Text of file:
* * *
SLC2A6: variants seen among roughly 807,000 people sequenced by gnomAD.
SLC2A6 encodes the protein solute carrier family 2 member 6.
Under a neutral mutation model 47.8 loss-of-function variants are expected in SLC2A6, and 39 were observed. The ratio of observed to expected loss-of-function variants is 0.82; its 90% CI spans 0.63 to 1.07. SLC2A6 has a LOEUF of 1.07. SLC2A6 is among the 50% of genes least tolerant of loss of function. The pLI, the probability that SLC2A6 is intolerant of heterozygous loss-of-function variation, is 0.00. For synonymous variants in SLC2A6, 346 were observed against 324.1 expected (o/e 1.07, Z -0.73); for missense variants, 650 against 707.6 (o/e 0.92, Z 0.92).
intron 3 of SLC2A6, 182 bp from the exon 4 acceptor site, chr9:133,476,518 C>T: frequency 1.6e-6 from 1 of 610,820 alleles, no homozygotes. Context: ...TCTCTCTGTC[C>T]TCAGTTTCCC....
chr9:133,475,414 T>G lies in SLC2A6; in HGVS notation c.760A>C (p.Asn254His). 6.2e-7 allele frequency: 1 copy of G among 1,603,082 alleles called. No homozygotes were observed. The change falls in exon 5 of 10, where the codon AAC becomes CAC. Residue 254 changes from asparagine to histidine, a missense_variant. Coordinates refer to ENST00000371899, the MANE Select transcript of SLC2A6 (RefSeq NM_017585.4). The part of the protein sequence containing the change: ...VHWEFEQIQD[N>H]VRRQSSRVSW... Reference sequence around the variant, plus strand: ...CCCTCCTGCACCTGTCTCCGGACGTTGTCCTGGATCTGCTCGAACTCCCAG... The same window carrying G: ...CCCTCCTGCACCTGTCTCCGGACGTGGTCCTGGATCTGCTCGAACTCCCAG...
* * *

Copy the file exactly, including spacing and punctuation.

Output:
SLC2A6: variants seen among roughly 807,000 people sequenced by gnomAD.
SLC2A6 encodes the protein solute carrier family 2 member 6.
Under a neutral mutation model 47.8 loss-of-function variants are expected in SLC2A6, and 39 were observed. The ratio of observed to expected loss-of-function variants is 0.82; its 90% CI spans 0.63 to 1.07. SLC2A6 has a LOEUF of 1.07. SLC2A6 is among the 50% of genes least tolerant of loss of function. The pLI, the probability that SLC2A6 is intolerant of heterozygous loss-of-function variation, is 0.00. For synonymous variants in SLC2A6, 346 were observed against 324.1 expected (o/e 1.07, Z -0.73); for missense variants, 650 against 707.6 (o/e 0.92, Z 0.92).
intron 3 of SLC2A6, 182 bp from the exon 4 acceptor site, chr9:133,476,518 C>T: frequency 1.6e-6 from 1 of 610,820 alleles, no homozygotes. Context: ...TCTCTCTGTC[C>T]TCAGTTTCCC....
chr9:133,475,414 T>G lies in SLC2A6; in HGVS notation c.760A>C (p.Asn254His). 6.2e-7 allele frequency: 1 copy of G among 1,603,082 alleles called. No homozygotes were observed. The change falls in exon 5 of 10, where the codon AAC becomes CAC. Residue 254 changes from asparagine to histidine, a missense_variant. Coordinates refer to ENST00000371899, the MANE Select transcript of SLC2A6 (RefSeq NM_017585.4). The part of the protein sequence containing the change: ...VHWEFEQIQD[N>H]VRRQSSRVSW... Reference sequence around the variant, plus strand: ...CCCTCCTGCACCTGTCTCCGGACGTTGTCCTGGATCTGCTCGAACTCCCAG... The same window carrying G: ...CCCTCCTGCACCTGTCTCCGGACGTGGTCCTGGATCTGCTCGAACTCCCAG...